He helped me understand things I needed, including that so much of business is a game and that you need to learn how to play it.  He talked about sexism, he talked about youth, he talked about me.  

  • He designed my first logo
  • He designed my first schedules
  • He designed my first artists’ profile leaflets
  • He explained what I needed to show the bank
  • He explained the press
Example of an early artist's profile

Me – with an artist’s profile! I used to find time to paint…

Inside the profile leaflet.

Inside the profile.

An early single page artist's Schedule.

An early single page artist’s Schedule.

The back of the profile leaflet.

The back of the profile leaflet.

An example of a fairly early quarterly schedule.

An example of a fairly early quarterly schedule.

Another fairly early schedule.

Another fairly early schedule.

A miniature version of the schedule for a miniatures exhibition.  David lent me the magnifying glass.

A miniature version of the schedule for a miniatures exhibition. David lent me the magnifying glass.

Inside the miniature schedule

Inside the miniature schedule

The front and back of a schedule

The front and back of a schedule

A photo of a relatively early schedule and some artists' profiles.

Early leaflets and schedules

A press collage made by David for use in my very first schedule.

A press collage made by David for use in my very first schedule.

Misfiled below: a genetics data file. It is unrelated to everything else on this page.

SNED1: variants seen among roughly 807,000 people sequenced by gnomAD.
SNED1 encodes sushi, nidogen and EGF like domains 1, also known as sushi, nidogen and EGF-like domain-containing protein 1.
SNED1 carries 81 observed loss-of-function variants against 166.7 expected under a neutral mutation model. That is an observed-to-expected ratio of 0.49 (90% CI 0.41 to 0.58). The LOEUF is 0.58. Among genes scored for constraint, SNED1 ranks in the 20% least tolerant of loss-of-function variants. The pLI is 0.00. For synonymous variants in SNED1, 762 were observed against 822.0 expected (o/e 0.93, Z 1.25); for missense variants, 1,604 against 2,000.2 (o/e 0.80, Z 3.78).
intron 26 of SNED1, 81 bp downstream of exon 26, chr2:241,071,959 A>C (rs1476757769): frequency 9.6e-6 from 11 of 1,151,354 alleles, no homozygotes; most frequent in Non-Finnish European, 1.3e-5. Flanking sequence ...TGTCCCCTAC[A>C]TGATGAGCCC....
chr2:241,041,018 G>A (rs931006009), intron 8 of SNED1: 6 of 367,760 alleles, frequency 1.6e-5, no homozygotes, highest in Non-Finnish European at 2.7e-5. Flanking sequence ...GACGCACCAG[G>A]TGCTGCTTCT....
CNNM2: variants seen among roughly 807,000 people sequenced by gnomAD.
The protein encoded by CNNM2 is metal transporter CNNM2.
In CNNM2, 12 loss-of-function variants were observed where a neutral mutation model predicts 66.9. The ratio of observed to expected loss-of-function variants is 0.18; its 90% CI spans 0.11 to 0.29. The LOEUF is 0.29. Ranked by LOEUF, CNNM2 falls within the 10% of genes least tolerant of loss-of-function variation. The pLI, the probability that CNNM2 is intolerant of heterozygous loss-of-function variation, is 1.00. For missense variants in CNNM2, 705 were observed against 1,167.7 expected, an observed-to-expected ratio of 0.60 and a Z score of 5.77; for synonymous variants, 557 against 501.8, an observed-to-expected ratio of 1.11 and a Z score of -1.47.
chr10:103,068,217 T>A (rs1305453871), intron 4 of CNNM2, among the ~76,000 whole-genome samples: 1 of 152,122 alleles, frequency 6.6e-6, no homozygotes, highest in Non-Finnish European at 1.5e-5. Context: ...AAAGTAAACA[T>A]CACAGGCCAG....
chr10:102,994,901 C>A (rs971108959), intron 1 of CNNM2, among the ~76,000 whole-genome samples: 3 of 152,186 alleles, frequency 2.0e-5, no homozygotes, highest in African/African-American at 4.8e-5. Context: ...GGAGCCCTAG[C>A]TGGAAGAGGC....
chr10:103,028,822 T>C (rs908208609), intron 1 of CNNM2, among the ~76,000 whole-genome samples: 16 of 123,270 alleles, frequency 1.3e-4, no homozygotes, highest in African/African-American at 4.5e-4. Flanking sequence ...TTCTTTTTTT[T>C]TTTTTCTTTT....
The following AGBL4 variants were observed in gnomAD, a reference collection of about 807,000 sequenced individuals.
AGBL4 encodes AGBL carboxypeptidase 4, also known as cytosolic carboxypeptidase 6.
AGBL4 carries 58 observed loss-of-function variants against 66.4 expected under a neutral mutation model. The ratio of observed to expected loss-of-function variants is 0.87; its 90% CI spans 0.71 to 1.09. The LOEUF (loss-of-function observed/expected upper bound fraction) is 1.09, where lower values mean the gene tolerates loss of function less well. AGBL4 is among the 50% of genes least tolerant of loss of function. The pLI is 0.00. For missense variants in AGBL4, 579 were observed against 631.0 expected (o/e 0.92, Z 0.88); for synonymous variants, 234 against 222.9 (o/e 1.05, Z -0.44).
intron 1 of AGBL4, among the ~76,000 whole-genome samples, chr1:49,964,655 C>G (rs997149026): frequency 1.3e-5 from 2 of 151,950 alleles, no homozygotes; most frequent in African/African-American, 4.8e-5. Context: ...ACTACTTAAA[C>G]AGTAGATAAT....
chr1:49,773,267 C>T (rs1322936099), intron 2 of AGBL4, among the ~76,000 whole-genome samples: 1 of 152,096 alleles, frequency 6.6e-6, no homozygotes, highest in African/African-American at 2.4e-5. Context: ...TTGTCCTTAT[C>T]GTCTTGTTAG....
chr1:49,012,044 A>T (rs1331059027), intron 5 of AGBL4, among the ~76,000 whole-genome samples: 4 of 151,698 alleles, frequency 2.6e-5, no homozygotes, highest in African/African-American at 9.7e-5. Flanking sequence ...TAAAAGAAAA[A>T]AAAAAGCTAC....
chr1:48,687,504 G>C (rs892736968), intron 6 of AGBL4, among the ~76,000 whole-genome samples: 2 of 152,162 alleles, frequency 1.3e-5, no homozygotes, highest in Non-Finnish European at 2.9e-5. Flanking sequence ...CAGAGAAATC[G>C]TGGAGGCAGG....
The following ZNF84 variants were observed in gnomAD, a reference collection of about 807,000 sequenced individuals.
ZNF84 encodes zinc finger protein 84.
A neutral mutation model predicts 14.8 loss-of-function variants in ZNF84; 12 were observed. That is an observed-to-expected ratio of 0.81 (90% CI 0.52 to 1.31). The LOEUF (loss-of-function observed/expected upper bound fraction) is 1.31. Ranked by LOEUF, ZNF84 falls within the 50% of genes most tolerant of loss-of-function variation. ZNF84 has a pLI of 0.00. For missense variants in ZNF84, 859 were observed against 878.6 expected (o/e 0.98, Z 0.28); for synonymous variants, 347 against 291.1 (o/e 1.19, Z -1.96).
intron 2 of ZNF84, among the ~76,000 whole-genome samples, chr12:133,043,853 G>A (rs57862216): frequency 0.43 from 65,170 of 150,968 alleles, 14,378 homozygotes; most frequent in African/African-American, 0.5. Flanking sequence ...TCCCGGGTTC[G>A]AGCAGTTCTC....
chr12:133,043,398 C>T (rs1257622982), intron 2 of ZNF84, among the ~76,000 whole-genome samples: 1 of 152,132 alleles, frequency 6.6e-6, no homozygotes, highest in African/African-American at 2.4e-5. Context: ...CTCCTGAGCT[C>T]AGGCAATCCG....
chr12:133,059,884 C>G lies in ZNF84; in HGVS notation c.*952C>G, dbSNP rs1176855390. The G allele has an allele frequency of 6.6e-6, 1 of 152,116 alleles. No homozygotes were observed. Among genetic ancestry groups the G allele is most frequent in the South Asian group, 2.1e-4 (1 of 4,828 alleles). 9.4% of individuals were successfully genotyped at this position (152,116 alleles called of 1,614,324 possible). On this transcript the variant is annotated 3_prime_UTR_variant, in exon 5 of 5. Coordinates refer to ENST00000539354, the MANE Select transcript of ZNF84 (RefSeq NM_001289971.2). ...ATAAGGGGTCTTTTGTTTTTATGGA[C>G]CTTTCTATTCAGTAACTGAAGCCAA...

I remember one day very clearly, after another in depth conversation, when he just stopped and looked at me and with a smile said;

” Mmm you don’t know you are, but you are!”

“What?” I almost screamed – he could be enormously infuriating.

“A game player.” He replied.

A simple utterance, I know, but one I have never forgotten.  This is the man that famously nick named me ‘The Art Tart’ and I have tried to live up to that ever since.

After the intensive three months of help and advice David would then disappear for months on end, occasionally re-appearing and demanding, yes, demanding,  to see evidence of what I had been up to.  I had to bring all the marketing material I had created, and all the press cuttings for him to view.  He would cast his critical eye over them, deliver his signatory ‘Good girl!” and turn on his heels and leave, and when I achieved a 1/3 page photo in the independent I actually received a congratulatory postcard from him!

What David gave me, in addition to the clearly practical help and advice, was the belief that I could do it.  He saw I was stubborn and had a passion for art and he gave me that extra push that comes from someone else believing in you.  His belief was a huge boost and I will never forget what he did for me.

Now, here is the sad part.  David died aged 47.  That’s only two years older than I am now. He never told me he was ill, though he did give me the means of finding out – which I did.  And I went to the funeral which nearly broke my heart.  Not because he had died, but because the man I heard the vicar talking about was not the man I knew.  He had hidden so much of his true self away. It was his choice, I knew that, but it hurt.

He was an amazing man, and I will never forget him.

But David left his legacy.  All the advice and help he gave me so freely and so generously was to prove invaluable as one of my most difficult periods running my business was about to hit….

The Sheffield Supertram NIGHTMARE!

Read all about it in my next thrilling instalment…..

K x

Hi,

This is my second blog post and thinking about it there really is rather a lot to say.  I sat and had a chat with a lovely lady about it today and she was very keen for me to try to structure my posts a little more in order to possibly think about turning my story into a book at some point.  I have to say that this would be great, but I don’t want that thought to make me ‘precious’ about what I write on this blog.  I am not a ‘writer’, I just want to share my story as I get asked about it a lot.  So, no more stalling.  Here we go …